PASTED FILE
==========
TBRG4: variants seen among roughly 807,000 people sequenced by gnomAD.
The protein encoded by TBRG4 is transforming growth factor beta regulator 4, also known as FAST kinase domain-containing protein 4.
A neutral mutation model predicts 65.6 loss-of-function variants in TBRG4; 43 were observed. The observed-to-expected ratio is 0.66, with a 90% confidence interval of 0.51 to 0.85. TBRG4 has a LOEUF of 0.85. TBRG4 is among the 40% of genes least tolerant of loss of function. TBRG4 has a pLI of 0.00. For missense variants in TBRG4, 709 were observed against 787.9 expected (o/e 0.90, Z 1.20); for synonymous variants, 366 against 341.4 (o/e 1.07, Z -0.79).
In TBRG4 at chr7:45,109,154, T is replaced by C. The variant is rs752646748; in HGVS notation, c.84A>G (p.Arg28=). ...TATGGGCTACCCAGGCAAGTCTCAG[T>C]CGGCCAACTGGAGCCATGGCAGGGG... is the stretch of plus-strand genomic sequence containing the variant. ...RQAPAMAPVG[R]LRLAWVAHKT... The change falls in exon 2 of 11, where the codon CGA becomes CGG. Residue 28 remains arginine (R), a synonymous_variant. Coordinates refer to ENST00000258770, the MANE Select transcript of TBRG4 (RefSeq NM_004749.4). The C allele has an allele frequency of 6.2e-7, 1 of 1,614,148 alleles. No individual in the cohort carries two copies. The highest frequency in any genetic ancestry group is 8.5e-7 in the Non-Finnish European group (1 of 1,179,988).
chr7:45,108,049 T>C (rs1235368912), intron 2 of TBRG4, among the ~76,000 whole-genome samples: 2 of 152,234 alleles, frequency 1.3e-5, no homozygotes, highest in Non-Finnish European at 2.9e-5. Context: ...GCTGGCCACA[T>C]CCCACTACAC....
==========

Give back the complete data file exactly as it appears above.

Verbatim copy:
TBRG4: variants seen among roughly 807,000 people sequenced by gnomAD.
The protein encoded by TBRG4 is transforming growth factor beta regulator 4, also known as FAST kinase domain-containing protein 4.
A neutral mutation model predicts 65.6 loss-of-function variants in TBRG4; 43 were observed. The observed-to-expected ratio is 0.66, with a 90% confidence interval of 0.51 to 0.85. TBRG4 has a LOEUF of 0.85. TBRG4 is among the 40% of genes least tolerant of loss of function. TBRG4 has a pLI of 0.00. For missense variants in TBRG4, 709 were observed against 787.9 expected (o/e 0.90, Z 1.20); for synonymous variants, 366 against 341.4 (o/e 1.07, Z -0.79).
In TBRG4 at chr7:45,109,154, T is replaced by C. The variant is rs752646748; in HGVS notation, c.84A>G (p.Arg28=). ...TATGGGCTACCCAGGCAAGTCTCAG[T>C]CGGCCAACTGGAGCCATGGCAGGGG... is the stretch of plus-strand genomic sequence containing the variant. ...RQAPAMAPVG[R]LRLAWVAHKT... The change falls in exon 2 of 11, where the codon CGA becomes CGG. Residue 28 remains arginine (R), a synonymous_variant. Coordinates refer to ENST00000258770, the MANE Select transcript of TBRG4 (RefSeq NM_004749.4). The C allele has an allele frequency of 6.2e-7, 1 of 1,614,148 alleles. No individual in the cohort carries two copies. The highest frequency in any genetic ancestry group is 8.5e-7 in the Non-Finnish European group (1 of 1,179,988).
chr7:45,108,049 T>C (rs1235368912), intron 2 of TBRG4, among the ~76,000 whole-genome samples: 2 of 152,234 alleles, frequency 1.3e-5, no homozygotes, highest in Non-Finnish European at 2.9e-5. Context: ...GCTGGCCACA[T>C]CCCACTACAC....